“My eyes well up with tears and I can’t help but get emotional when I think of all the heartfelt responses I have received over the past eight years from recipients from all over Canada,” she said.

The Canadian government has taken notice as Daigle was recently awarded with a Governor General’s Caring Canadian Award which recognizes individuals who volunteer to help others and build a more caring nation.

Perhaps the most impactful gift she’s received is the flag currently residing in her family room.

In the summer of 2014, Daigle was presented with the final Canadian flag to fly over Camp Phoenix in Kabul, Afghanistan. It was presented by the Canadian Ambassador to Afghanistan Deborah Lyons and Sgt. Martin Veilleux, a soldier who had received a shoe box. While Daigle has received letters, emails and postcards from armed forces members, Veilleux was the first she met face-to-face.

As for the flag, she says it carries a special meaning.

“It represents those who fought in the 12-year mission in Afghanistan and came home,” she said. “It also represents our fallen and wounded soldiers. I do not take the responsibility of being the recipient of this memorial flag lightly.”

As for the campaign, she’s not sure how long it will continue.

“Every year the contact person for each deployment always says in their final message that they hope I will continue to show such support with the shoe box campaign, so I don’t know how I could ever really stop.”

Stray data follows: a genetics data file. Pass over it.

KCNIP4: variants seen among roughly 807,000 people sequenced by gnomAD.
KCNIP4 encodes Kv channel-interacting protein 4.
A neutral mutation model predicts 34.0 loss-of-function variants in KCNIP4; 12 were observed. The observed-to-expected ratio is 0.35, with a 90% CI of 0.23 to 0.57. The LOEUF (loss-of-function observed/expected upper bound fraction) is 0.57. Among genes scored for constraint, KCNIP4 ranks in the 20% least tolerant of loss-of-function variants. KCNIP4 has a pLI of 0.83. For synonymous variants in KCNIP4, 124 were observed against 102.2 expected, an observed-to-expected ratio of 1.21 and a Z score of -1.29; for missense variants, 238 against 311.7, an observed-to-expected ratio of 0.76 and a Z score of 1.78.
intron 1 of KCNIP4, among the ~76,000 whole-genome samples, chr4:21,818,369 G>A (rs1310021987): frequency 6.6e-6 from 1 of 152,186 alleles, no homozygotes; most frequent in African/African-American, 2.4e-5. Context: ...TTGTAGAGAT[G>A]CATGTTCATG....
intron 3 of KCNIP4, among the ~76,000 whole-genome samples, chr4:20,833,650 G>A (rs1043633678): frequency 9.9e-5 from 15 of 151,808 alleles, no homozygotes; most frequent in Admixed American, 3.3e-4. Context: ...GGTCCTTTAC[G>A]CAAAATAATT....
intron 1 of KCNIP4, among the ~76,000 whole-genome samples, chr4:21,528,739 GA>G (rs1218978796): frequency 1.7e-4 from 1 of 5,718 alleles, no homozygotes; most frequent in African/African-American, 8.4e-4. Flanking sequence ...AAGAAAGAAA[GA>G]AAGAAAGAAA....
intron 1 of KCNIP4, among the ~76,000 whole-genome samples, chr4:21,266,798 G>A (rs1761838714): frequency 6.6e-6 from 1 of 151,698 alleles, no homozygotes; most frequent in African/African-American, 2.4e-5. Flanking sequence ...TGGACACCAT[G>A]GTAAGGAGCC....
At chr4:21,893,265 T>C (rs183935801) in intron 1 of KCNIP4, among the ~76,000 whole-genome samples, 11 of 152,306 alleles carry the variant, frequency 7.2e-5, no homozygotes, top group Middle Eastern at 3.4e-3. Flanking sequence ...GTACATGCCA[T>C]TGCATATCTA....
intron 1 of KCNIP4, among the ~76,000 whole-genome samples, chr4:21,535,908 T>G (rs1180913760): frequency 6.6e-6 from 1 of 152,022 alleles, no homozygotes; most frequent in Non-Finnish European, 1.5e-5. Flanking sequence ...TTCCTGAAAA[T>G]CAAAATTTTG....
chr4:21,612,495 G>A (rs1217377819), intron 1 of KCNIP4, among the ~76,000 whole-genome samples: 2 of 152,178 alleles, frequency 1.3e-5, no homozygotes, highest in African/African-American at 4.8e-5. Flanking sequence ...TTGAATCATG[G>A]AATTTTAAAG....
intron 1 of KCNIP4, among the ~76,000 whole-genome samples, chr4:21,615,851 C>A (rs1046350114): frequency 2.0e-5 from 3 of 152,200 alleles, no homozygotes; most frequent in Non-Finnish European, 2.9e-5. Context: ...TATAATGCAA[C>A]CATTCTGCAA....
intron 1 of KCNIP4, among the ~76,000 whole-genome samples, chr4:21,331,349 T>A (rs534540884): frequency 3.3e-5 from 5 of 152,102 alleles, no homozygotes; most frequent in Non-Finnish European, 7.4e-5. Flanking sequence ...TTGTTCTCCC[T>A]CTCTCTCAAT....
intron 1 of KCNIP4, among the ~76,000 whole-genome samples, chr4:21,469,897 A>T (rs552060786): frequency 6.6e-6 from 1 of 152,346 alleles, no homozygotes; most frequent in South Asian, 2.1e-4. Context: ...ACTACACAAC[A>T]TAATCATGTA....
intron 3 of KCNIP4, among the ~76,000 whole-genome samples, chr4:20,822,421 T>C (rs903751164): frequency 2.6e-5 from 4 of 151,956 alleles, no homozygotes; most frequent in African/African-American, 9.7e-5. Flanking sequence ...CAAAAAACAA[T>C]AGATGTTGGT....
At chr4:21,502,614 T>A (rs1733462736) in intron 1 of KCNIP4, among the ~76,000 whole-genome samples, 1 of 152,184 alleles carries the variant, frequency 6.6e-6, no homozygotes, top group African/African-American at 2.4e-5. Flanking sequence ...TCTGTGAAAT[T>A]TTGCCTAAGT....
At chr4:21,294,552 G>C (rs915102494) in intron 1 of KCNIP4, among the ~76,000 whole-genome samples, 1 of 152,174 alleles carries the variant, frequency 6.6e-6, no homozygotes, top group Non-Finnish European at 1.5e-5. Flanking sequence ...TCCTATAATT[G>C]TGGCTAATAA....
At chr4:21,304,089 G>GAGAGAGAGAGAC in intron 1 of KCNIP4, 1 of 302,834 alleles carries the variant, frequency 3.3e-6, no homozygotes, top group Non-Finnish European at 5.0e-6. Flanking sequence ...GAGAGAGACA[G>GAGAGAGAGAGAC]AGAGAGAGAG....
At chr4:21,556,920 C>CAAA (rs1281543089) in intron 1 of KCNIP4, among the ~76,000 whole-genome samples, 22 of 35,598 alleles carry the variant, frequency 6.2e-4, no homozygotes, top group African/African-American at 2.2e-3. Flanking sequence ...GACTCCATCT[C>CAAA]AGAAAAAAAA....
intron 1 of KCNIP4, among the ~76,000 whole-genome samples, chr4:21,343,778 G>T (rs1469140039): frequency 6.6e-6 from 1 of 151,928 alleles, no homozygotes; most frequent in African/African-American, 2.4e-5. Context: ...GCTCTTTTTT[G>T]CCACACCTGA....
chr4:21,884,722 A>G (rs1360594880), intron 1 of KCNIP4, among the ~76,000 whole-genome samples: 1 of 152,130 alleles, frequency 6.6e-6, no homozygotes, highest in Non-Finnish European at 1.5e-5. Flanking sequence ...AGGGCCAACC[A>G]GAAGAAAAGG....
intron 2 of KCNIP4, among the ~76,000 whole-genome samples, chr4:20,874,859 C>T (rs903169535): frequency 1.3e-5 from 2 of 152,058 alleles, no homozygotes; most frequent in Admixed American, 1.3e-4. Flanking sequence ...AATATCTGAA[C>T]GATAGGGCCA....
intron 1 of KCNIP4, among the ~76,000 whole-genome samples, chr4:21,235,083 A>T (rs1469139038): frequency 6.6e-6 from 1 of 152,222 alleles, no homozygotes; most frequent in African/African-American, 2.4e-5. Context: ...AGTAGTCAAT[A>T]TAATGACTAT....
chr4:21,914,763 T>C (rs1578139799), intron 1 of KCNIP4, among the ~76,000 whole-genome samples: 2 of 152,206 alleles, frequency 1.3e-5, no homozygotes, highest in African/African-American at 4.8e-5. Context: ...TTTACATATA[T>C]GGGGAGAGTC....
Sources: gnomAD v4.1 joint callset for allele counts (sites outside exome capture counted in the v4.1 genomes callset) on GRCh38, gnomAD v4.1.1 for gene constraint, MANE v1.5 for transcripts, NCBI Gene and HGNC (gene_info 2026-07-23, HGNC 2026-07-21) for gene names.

SHOE BOXES: We ask that you wrap a shoe box and the lid separately, so a team of helpers (usually NBCC students – THANK YOU, THANK YOU) can inspect the items for security measures – meaning, even wrapped, inspectors can still open the box to see what’s inside. All shoe boxes must be wrapped prior to dropping off at the college (NBCC). Deadline is November 6th at NBCC Main Campus. The Red Friday community picture will then be taped on the outside of the already wrapped shoe boxes.

A letter received by a student in Dr. Losier Middle School who sent a shoebox to a soldier:

Dear Tori
I cannot even begin to tell you how excited I was when I received your box of goodies and card! It was full of awesome stuff and I’m happy I was able to open it on Christmas morning. You made my day that much better and I hope you enjoy this as well. I hope your holidays were fun!

Happy New Years
A Grateful Soldier

Visit the Mighty Miramichi Photo Gallery for more pictures from the Shoe Box Campaign.